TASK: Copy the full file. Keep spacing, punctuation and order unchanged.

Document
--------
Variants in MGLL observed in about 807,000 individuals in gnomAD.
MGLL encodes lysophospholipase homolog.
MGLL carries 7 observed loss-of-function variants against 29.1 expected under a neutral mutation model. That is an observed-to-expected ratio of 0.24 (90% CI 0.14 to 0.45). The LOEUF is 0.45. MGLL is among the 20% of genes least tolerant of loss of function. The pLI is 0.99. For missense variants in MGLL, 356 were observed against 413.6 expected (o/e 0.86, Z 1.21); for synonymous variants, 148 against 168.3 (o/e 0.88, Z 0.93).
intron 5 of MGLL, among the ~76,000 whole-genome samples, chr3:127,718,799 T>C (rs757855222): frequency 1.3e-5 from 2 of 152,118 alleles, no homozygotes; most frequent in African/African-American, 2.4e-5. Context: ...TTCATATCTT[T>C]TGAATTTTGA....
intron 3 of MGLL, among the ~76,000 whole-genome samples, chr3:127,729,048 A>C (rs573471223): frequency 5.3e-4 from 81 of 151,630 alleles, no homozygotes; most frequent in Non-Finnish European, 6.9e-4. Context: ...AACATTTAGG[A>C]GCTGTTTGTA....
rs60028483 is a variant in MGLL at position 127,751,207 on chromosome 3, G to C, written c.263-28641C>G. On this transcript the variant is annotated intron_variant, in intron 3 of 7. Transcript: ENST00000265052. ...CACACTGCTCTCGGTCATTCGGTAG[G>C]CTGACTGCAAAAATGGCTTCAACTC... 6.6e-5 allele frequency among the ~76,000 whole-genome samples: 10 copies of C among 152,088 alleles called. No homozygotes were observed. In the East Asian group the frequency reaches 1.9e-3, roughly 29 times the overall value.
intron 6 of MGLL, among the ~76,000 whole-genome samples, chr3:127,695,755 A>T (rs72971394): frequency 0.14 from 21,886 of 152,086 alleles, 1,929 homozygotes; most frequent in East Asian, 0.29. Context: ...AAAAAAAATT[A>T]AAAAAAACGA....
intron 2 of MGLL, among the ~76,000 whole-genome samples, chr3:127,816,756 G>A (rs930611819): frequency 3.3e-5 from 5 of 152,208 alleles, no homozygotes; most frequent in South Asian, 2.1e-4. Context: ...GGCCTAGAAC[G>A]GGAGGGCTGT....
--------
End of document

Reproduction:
Variants in MGLL observed in about 807,000 individuals in gnomAD.
MGLL encodes lysophospholipase homolog.
MGLL carries 7 observed loss-of-function variants against 29.1 expected under a neutral mutation model. That is an observed-to-expected ratio of 0.24 (90% CI 0.14 to 0.45). The LOEUF is 0.45. MGLL is among the 20% of genes least tolerant of loss of function. The pLI is 0.99. For missense variants in MGLL, 356 were observed against 413.6 expected (o/e 0.86, Z 1.21); for synonymous variants, 148 against 168.3 (o/e 0.88, Z 0.93).
intron 5 of MGLL, among the ~76,000 whole-genome samples, chr3:127,718,799 T>C (rs757855222): frequency 1.3e-5 from 2 of 152,118 alleles, no homozygotes; most frequent in African/African-American, 2.4e-5. Context: ...TTCATATCTT[T>C]TGAATTTTGA....
intron 3 of MGLL, among the ~76,000 whole-genome samples, chr3:127,729,048 A>C (rs573471223): frequency 5.3e-4 from 81 of 151,630 alleles, no homozygotes; most frequent in Non-Finnish European, 6.9e-4. Context: ...AACATTTAGG[A>C]GCTGTTTGTA....
rs60028483 is a variant in MGLL at position 127,751,207 on chromosome 3, G to C, written c.263-28641C>G. On this transcript the variant is annotated intron_variant, in intron 3 of 7. Transcript: ENST00000265052. ...CACACTGCTCTCGGTCATTCGGTAG[G>C]CTGACTGCAAAAATGGCTTCAACTC... 6.6e-5 allele frequency among the ~76,000 whole-genome samples: 10 copies of C among 152,088 alleles called. No homozygotes were observed. In the East Asian group the frequency reaches 1.9e-3, roughly 29 times the overall value.
intron 6 of MGLL, among the ~76,000 whole-genome samples, chr3:127,695,755 A>T (rs72971394): frequency 0.14 from 21,886 of 152,086 alleles, 1,929 homozygotes; most frequent in East Asian, 0.29. Context: ...AAAAAAAATT[A>T]AAAAAAACGA....
intron 2 of MGLL, among the ~76,000 whole-genome samples, chr3:127,816,756 G>A (rs930611819): frequency 3.3e-5 from 5 of 152,208 alleles, no homozygotes; most frequent in South Asian, 2.1e-4. Context: ...GGCCTAGAAC[G>A]GGAGGGCTGT....